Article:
So we, the majority, who are proud to call ourselves women — because that’s what we are, always have been and always will be — are excluded in favour of the inclusion of a tiny minority.
That the NHS should adopt such a ‘woke’ policy (thanks to noisy and aggressive campaigning by groups such as Stonewall) is not just upsetting and infuriating, it’s insulting. It demeans those of us whose health depends on clear advice about the biology that makes us girls and then women.
Jenni Murray (pictured) says maybe it’s fear of cancel culture that’s made so many people in and outside the NHS too afraid to speak up about the erasure of women and, of course, other words such as mother, maternity and breastfeeding from the language
I also believe it insults those women who have chosen to identify as male.
Surely during the transitioning process they are told their female biology has not changed despite the drugs and hormones they’ve taken to grow a beard and deepen their voice? They must be aware they used to be women and girls, and still need to follow health advice issued to women.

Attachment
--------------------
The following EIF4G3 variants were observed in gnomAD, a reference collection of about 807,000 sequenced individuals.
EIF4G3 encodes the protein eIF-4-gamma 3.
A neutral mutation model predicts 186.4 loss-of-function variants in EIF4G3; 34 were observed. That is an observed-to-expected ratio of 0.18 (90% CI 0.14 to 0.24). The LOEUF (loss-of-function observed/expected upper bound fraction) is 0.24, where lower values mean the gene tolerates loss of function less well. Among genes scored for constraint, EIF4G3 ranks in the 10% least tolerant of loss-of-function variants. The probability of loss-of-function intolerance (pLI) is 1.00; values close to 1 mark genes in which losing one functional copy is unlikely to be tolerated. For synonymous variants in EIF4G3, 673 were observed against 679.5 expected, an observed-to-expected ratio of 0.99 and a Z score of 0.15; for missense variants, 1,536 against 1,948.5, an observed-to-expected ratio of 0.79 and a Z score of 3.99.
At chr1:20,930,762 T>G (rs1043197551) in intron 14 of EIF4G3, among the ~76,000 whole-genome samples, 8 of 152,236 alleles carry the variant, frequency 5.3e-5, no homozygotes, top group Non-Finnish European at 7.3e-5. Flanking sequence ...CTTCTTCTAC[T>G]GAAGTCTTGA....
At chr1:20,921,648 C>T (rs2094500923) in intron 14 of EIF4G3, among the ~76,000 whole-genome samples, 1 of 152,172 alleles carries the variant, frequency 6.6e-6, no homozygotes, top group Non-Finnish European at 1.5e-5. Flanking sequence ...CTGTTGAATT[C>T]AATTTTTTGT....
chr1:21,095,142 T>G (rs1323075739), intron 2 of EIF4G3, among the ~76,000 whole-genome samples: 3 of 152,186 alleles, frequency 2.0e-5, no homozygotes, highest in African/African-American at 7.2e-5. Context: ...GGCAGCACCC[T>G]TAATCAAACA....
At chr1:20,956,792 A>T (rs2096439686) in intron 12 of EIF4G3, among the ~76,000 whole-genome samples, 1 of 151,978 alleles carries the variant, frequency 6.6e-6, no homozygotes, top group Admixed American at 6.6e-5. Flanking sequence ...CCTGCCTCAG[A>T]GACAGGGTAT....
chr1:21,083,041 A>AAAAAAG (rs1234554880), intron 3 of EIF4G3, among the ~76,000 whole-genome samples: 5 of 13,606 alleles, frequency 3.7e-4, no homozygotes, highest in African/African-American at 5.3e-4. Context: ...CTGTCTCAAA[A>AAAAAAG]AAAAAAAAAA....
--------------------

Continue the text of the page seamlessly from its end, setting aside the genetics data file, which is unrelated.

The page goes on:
Identifying as a man does not make it unnecessary to get smear tests or have a check up for ovarian cancer if you’re suffering bloating and pain. Equally, the trans women must be aware they won’t be needing tests for the female cancers, but jolly well need to pay attention to their prostate.
Not only is this ‘de-sexing’ of language grossly unfair, it’s also dangerous. It’s surprising that no one in Britain appears to have noticed or complained about it until it was pointed out this week by an Australian doctor, Karleen Gribble, a nursing and midwifery professor at Western Sydney University.
She’s written about the importance of sexed language in birth and childcare, saying: ‘I think the changes to de-sex language are well intentioned, but we are seeing they are making communications less clear and when it comes to critical health issues that has great potential to place the health and well-being of individuals at risk.’ It’s worrying to think it took an Australian to warn us of the risks of changing language in favour of such a tiny minority.
Maybe it’s fear of cancel culture that’s made so many people in and outside the NHS too afraid to speak up about the erasure of women and, of course, other words such as mother, maternity and breastfeeding from the language.
There is some hope. A senior, unnamed, government source has been quoted as saying using unclear language is ‘harmful and can prevent people from finding the help they need, and guidance should use clear and commonly understood terms’.